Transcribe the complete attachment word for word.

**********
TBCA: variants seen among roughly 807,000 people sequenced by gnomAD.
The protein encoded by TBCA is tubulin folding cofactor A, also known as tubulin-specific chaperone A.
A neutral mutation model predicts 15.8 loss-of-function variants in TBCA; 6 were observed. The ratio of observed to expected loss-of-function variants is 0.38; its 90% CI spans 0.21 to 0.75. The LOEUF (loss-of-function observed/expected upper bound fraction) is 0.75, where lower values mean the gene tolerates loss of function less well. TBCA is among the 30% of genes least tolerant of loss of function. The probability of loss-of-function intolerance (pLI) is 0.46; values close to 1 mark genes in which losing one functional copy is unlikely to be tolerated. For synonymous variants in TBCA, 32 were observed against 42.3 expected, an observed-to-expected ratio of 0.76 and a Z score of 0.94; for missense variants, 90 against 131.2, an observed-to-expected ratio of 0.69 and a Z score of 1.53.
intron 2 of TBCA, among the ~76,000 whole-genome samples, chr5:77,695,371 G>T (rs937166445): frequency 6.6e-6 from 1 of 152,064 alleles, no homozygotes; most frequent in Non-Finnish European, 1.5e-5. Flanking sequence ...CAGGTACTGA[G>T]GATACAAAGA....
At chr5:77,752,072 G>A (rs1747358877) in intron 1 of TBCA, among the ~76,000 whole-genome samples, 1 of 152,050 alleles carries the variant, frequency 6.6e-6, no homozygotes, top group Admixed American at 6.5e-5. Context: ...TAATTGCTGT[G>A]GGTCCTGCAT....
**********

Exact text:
TBCA: variants seen among roughly 807,000 people sequenced by gnomAD.
The protein encoded by TBCA is tubulin folding cofactor A, also known as tubulin-specific chaperone A.
A neutral mutation model predicts 15.8 loss-of-function variants in TBCA; 6 were observed. The ratio of observed to expected loss-of-function variants is 0.38; its 90% CI spans 0.21 to 0.75. The LOEUF (loss-of-function observed/expected upper bound fraction) is 0.75, where lower values mean the gene tolerates loss of function less well. TBCA is among the 30% of genes least tolerant of loss of function. The probability of loss-of-function intolerance (pLI) is 0.46; values close to 1 mark genes in which losing one functional copy is unlikely to be tolerated. For synonymous variants in TBCA, 32 were observed against 42.3 expected, an observed-to-expected ratio of 0.76 and a Z score of 0.94; for missense variants, 90 against 131.2, an observed-to-expected ratio of 0.69 and a Z score of 1.53.
intron 2 of TBCA, among the ~76,000 whole-genome samples, chr5:77,695,371 G>T (rs937166445): frequency 6.6e-6 from 1 of 152,064 alleles, no homozygotes; most frequent in Non-Finnish European, 1.5e-5. Flanking sequence ...CAGGTACTGA[G>T]GATACAAAGA....
At chr5:77,752,072 G>A (rs1747358877) in intron 1 of TBCA, among the ~76,000 whole-genome samples, 1 of 152,050 alleles carries the variant, frequency 6.6e-6, no homozygotes, top group Admixed American at 6.5e-5. Context: ...TAATTGCTGT[G>A]GGTCCTGCAT....